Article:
One of the strengths of the Nashville Predators is their focus on developing a love of hockey among local kids, through their support of amateur leagues, the sponsorship of the GOAL program which gets little boys and girls on the ice in hockey gear to try the sport out, and numerous other endeavors. It's simply a facet of selling hockey in the South; it's not just about pushing tickets, but establishing a culture as well.
A role model of sorts for the Predators are the Dallas Stars, in many ways the model of a southern NHL franchise. Their outreach has taken the form of managing a number of ice rinks in the Dallas metropolitan area, but as Brandon Worley writes today over at Defending Big D, that commitment is meeting up against the hard realities of economics. The sole rink accessible to the south side of Dallas is in danger of closure, as hockey players, coaches, and parents get caught amid the competing interests of the team and local government:
That Saturday over 250 people showed up for the meeting at the Starcenter, filling the upstairs area with angry and concerned players, skaters, parents and coaches. Surprisingly, [Dallas Stars President] Jeff Cogen himself showed up and fielded questions for the group for over an hour and a half.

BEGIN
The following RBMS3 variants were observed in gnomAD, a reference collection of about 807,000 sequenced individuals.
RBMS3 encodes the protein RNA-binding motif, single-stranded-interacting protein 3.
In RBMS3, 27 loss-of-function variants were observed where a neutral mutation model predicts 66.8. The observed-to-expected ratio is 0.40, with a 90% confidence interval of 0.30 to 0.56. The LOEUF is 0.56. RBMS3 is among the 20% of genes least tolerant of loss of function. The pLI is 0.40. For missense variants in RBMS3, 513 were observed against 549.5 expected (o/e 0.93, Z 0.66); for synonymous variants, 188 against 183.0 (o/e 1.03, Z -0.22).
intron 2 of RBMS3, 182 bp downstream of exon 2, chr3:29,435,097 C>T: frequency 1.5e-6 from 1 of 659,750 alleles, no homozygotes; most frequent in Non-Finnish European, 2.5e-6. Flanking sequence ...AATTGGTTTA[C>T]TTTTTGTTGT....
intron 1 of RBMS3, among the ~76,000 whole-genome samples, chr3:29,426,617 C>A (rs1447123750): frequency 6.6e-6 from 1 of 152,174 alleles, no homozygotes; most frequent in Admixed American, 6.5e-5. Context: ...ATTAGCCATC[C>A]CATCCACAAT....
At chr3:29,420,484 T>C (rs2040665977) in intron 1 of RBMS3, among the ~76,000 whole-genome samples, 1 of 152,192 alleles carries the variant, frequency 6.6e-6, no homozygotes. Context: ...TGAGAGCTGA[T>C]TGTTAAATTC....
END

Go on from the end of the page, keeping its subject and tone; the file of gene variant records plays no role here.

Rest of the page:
"The meeting started off a little rocky, since he basically started off explaining why the team made this decision. But as he heard from more and more people and saw their passion for both the rink and the team, and in the end he walked over to me and handed his business card to me, saying we needed to set up a meeting the next week with some concrete proposals on how to get this turned around."
The local city council, however, appears unwilling to renegotiate the rink's lease (sound familiar?), leaving the Stars few options to try and stem growing financial losses. Is a part of the small, but growing hockey community in Dallas going to be left to rot on the vine?